I was excited to be able to speak to Mazin in advance of her performance for the Power 99 Powerhouse in Philadelphia, her hometown. Read below to see who her inspirations are, how she gives back to the community, and where she sees rap going in the future.
What led you to music?
…I grew up on hip hop heavily. It’s been in my life since I was born. I was always good with words and that led me to start with rap and singing and writing.
What inspires your raps?
A little bit of everything. Stuff that I’ve been through in life, stuff that I plan to go through, things that we go through as women and as people, partying, having fun, just about everything.
I was listening to some of your music today, and I was thinking about how relatable it is. It actually reminded me of some of the things Mary J. Blige would talk about in her songs. I hope rap and hip hop get back to that a lot more.
Yeah, definitely. I definitely agree with that.
You’ve worked with some big names in the rap and R&B world like Remy Ma and Rick Ross and Talib Kweli and many others. What’s it like to say you’ve collaborated with them?
It’s a good feeling. I’m young, so I grew up watching a lot of these artist. I never imagined I’d be in the same room with them, let alone working with them…It’s a really dope feeling.
I read you’re from Philadelphia, and you’re about to rep your hometown at the Power 99 Powerhouse concert. How excited are you to come back and do the big stage in Philadelphia?
I’m very excited. You know, home is always going to be home. It’s a pleasure to…perform in your home city.
You’ve repped Philadelphia before with your PhiLEE Weekend event last year. What inspired you to create that event?
I wanted to bring something back to my community and bring something that everyone could come out to as a family. We have a lot of local talent, including myself, that’s really trying to…showcase our skills and…I decided to come up with this weekend that consists of just fun and…no drama. Just peace and positivity.
There’s a celebrity basketball game [and]I do a youth-positive [sic] tour, where I actually visit detention centers and institutions and group homes to help kids who have been through a lot and to help motivate them and give them some encouragement and tell them there’s more to life than the situation they’re currently stuck in. There’s a cookout-slash-concert, where I bring all the acts out and food and a bunch of stuff for the kids to do. We want to do it again this year, since it was such a success last year.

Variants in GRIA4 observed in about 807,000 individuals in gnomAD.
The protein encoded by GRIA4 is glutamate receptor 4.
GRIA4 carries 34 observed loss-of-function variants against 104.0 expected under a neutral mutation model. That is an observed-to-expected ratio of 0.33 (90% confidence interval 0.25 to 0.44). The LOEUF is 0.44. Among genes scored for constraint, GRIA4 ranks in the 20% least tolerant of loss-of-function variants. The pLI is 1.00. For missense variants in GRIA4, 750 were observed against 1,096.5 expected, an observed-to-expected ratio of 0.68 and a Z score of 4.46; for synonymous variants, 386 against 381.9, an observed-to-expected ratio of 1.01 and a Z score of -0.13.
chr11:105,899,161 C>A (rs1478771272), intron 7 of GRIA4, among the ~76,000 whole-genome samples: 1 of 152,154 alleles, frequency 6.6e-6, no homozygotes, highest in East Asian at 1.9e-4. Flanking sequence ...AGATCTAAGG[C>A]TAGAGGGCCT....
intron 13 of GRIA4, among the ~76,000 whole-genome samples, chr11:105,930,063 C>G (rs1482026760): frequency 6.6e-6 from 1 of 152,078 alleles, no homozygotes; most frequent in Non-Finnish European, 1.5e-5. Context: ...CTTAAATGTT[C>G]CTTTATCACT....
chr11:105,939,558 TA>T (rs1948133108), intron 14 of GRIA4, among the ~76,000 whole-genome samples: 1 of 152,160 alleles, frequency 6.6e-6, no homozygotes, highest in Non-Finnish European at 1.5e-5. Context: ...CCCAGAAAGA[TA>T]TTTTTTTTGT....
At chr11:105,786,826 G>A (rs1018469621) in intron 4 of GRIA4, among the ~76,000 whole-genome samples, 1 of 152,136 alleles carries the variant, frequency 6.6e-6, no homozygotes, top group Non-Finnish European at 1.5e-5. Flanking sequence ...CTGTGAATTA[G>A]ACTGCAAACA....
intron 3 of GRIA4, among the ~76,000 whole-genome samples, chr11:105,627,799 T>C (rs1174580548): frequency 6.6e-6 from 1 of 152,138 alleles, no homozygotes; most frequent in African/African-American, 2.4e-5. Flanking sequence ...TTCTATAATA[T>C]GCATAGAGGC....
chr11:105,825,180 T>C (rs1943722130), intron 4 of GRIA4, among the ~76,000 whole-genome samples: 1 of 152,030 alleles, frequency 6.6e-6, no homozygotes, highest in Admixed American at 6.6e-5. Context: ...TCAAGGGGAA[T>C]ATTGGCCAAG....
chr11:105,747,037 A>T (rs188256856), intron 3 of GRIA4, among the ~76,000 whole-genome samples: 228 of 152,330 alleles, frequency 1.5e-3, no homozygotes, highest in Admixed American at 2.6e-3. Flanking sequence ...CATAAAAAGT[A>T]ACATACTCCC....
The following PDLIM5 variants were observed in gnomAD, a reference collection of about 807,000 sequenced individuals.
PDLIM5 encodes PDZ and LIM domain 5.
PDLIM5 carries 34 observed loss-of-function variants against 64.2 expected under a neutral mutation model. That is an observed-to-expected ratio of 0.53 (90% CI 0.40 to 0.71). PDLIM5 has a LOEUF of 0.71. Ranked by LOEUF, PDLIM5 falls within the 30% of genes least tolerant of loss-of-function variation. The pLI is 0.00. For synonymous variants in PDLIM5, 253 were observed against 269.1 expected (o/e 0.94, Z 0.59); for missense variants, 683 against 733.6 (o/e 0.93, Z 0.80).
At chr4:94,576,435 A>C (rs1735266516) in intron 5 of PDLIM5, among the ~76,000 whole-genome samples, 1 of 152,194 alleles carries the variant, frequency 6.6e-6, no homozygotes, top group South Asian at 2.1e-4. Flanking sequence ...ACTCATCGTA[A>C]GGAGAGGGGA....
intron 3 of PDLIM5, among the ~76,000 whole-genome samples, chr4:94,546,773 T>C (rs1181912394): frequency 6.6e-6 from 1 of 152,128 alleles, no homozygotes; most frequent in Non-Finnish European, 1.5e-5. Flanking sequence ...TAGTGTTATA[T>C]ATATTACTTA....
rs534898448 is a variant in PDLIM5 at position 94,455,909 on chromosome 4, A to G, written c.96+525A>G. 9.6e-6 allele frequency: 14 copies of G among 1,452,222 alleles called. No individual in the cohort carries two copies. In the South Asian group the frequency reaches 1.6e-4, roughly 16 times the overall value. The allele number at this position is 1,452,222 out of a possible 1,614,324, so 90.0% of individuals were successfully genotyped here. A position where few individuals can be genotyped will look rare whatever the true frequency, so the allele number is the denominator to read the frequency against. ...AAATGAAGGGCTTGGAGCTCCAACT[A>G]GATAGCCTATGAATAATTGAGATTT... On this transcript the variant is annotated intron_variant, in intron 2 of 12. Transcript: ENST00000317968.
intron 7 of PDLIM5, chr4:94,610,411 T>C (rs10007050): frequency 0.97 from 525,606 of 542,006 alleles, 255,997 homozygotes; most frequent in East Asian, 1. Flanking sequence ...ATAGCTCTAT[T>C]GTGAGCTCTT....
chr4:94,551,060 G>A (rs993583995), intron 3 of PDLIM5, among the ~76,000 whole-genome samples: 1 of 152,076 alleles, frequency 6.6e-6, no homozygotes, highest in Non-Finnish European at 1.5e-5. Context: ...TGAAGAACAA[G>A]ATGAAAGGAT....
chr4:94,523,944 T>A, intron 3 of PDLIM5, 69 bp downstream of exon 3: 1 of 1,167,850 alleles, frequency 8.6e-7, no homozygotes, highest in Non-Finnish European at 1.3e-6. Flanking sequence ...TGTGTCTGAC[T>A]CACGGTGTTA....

Great! I’m sure Philadelphia will love to have that back. What or who are some of your inspirations in the music world?
Definitely Missy [Elliot]. Missy’s one of my favorite artists. I really like Sam Smith now. As far as influences, I’d say Drake, Missy, Adele. I have a lot, but I like people who are consistent and talented. Missy brought the fun in hip hop. There really haven’t been the same since her and Busta Rhymes and [others]…It was so much more fun when those artists were out.
I’m a huge Missy fan, and when she performed at the Super Bowl, there were so many people wanting her to come back. I hope she comes back and that her contemporaries like Busta Rhymes comes back too.
When talking about the rap industry and your inspirations, where do you see rap and hip hop going in the future? Where would you want it to go?
I think it’s going…to keep growing. It’s gaining a lot of diversity with different races, [sic] and ages. It’s growing and it’s one of the most talked-about genre of music but it’s still so underrated. It’s still like a movement and it’s like it’s own force. I can only see it growing more.
As far as where you’re going to go, who do you hope to collaborate with in the future?
I’d like to work with Missy. I’d like to work with Pharrell, Drake, Adele, Sam Smith. I’m really open to work with anybody. I listen to a lot of different genres of music, I don’t just listen to hip hop, so I’d like to merge into different lanes and network and work with different people.